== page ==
The San Diego-based chipmaker, which powers many of the world's smartphones and tablets including chipsets inside the new iPhone 6 and 6 Plus,, seems to think so as it's renewed a campaign to educate consumers on what it means to have a top-of-the-line Qualcomm chip inside their devices. Thursday, the company invited media to see, and obviously share with their audiences, for the first time exactly how the slew of impressive capabilities enabled by its next-generation mobile processor, the Snapdragon 810, work in real life situations.
The mobile processor, itself, is not new. Announced in August and slated to appear inside smartphone makers' flagship devices in the first half of 2015 (perhaps in the Samsung Galaxy Note 4), the Snapdragon 810 is a chipset on steroids and comes with 64-bit computing, 3x20 megahertz fully integrated carrier aggregation, 20 nanometer technology, an Adreno 430 graphics computing unit, a Hexagon V56 digital signal processor, and an integrated 4G LTE Advanced CAT6 world mode modem.
To which, the average person's most common response will be, "Huh?"
"Qualcomm is building the next generation experiences that are going to power the premium smartphones of 2015," Tim McDonough, vice president of marketing, told TheStreet. "We're doing the event to help the industry transition away from specs to showing off the new user experiences that are possible here."
In other words, if the consumer is to understand that the 810 will bring with it the coolest features imaginable, then showing off a device with a crystal clear resolution, 3-D video gaming with zero hiccups, or DSLR-quality photo capture would resonate better.
Hence Thursday's media showcase, which took place in a penthouse at the Standard Hotel in New York, NY. and consisted of special setups in each room to demonstrate how the Snapdragon 810 processor works in real-life scenarios, say when you want to beam 4K-captured video wirelessly to a television set without degradation, fully recharge your phone in 75% less time, take pictures that are insanely clear, or cancel out background noise when making calls or shooting video.
Of course, with the company hush-hush on the OEMs who will use its coming-to-market processor -- though the "usual suspects" are working on 810-based devices, McDonough said -- demonstrations were done using a Qualcomm-produced demo unit running Android. Still, physical evidence is better than stats on a sheet of paper.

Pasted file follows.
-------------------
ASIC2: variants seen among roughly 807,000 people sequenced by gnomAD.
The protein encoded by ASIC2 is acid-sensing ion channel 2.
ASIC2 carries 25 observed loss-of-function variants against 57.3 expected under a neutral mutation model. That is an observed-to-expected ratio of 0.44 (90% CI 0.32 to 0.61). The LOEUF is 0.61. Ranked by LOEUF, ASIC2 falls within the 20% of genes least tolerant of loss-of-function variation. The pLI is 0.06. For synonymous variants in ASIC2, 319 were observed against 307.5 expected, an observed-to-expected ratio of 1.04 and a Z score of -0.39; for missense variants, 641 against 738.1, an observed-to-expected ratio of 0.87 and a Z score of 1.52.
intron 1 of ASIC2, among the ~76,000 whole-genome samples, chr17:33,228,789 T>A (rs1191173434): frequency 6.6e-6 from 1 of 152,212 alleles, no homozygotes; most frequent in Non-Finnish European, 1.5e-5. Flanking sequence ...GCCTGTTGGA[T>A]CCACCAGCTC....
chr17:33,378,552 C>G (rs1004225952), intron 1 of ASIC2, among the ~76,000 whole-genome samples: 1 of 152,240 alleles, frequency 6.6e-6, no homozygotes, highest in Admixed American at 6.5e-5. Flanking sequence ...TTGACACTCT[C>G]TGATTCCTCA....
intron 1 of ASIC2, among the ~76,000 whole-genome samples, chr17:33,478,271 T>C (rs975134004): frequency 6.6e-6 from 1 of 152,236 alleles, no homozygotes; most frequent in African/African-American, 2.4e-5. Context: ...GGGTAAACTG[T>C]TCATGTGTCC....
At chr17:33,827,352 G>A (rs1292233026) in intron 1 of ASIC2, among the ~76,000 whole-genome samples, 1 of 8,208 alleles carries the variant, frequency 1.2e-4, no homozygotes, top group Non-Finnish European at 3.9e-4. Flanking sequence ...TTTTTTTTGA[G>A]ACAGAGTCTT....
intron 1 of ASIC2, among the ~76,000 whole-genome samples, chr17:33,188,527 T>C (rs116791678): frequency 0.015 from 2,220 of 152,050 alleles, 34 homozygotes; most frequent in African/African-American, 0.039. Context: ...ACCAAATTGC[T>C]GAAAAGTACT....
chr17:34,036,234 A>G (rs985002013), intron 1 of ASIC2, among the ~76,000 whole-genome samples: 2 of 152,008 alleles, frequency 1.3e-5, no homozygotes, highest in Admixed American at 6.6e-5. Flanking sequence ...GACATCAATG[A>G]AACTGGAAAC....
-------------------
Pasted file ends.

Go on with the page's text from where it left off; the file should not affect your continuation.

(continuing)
"Just the precession and resolution on the screen really provides you a degree of user experience that seeing is believing," Murthy Rendunchintala, Qualcomm's executive vice president of product, told TheStreet.
Plus the appeal of 4K baked into everything you see and do on your device, and the 810 mobile processor supports 4K natively across a smartphone's architecture, is likely to become more tangible to consumers, especially given that ultra high-definition screens are becoming the norm. There are around 150 million smartphones that can capture 4K images today, with half a billion coming by 2018, Rendunchintala said as proof that consumers' expectations are changing.
"The absolute center piece of what we're doing on the Snapdragon 810 is bringing 4K native content to the mobile experience. We really see the mobile driving the evolution of the transition to 4K because we see the key stimulus to that being user-generated content, either through video or camera capabilities," he said.
It's hard to tell why, exactly, Qualcomm feels the need to be the messenger that gets people excited about what's in store for next year's high-end smartphones. It's not as if the company's business, which is based around licensing fees and chip sales to OEMs, depends on it. The overall Qualcomm Chip Technologies (QCT) business grew by 12% and pulled in $18.67 billion during the full fiscal year 2014, representing nearly 72% of total revenue. Plus, Wall Street analysts are already a believer in what the company's mobile processors can do.
"Qualcomm's Snapdragon processor portfolio continues to set the standard at the premium tier and now has options across all tiers, resulting in over 1,080 devices announced/available in FY14," Bank of America Merrill Lynch (BAC) analyst Jack Graham wrote in a recent analyst's note.
"Based on continued Snapdragon and thin modem momentum in F2015 ... we anticipate healthy QCT sales growth during the next several years," Canaccord Genuity analyst T. Michael Walkley echoed in his firm's Nov. 19 note. "Given the shortening smartphone product cycles and challenges of LTE given all the disparate bands around the globe, we believe OEMs will continue to rely on Qualcomm to help quickly launch new LTE smartphones in new markets."
In November, the semiconductor company, after a disappointing September quarter, used its analyst day to paint a rosy outlook for 2015 and beyond, telling analysts that, despite ongoing issues in China, its five-year compound annual growth rate (CAGR) will be between 8% and 10% per year. Earnings per share will grow at an even faster clip, CEO Steven Mollenkoph said at the time.
So does it really matter whether the average Jane understands what Qualcomm's chipset can do? In the end, it's all about creating more demand for high-end phones -- read: higher average selling prices that improve Qualcomm's profit margins -- so Qualcomm's actual customers, the OEMs, are incentivized to ramp up production.
"We're investing for our customers," McDonough said, "so they can sell more devices next year."